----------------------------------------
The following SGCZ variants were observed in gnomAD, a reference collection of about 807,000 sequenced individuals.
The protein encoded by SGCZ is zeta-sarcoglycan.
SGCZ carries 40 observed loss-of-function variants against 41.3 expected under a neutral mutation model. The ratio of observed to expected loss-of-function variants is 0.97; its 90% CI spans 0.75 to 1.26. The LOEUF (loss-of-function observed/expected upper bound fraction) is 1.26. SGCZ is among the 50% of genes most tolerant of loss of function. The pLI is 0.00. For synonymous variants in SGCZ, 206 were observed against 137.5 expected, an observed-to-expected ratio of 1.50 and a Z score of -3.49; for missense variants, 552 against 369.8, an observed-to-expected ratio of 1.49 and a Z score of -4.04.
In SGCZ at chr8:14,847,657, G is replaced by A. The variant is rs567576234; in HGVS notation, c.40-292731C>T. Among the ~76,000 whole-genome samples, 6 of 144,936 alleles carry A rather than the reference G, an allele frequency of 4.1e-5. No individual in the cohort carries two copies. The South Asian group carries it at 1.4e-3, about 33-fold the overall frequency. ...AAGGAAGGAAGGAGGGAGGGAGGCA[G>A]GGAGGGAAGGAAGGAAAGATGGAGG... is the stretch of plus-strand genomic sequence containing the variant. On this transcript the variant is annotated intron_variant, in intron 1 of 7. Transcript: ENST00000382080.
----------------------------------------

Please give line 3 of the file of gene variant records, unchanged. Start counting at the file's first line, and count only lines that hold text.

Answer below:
SGCZ carries 40 observed loss-of-function variants against 41.3 expected under a neutral mutation model. The ratio of observed to expected loss-of-function variants is 0.97; its 90% CI spans 0.75 to 1.26. The LOEUF (loss-of-function observed/expected upper bound fraction) is 1.26. SGCZ is among the 50% of genes most tolerant of loss of function. The pLI is 0.00. For synonymous variants in SGCZ, 206 were observed against 137.5 expected, an observed-to-expected ratio of 1.50 and a Z score of -3.49; for missense variants, 552 against 369.8, an observed-to-expected ratio of 1.49 and a Z score of -4.04.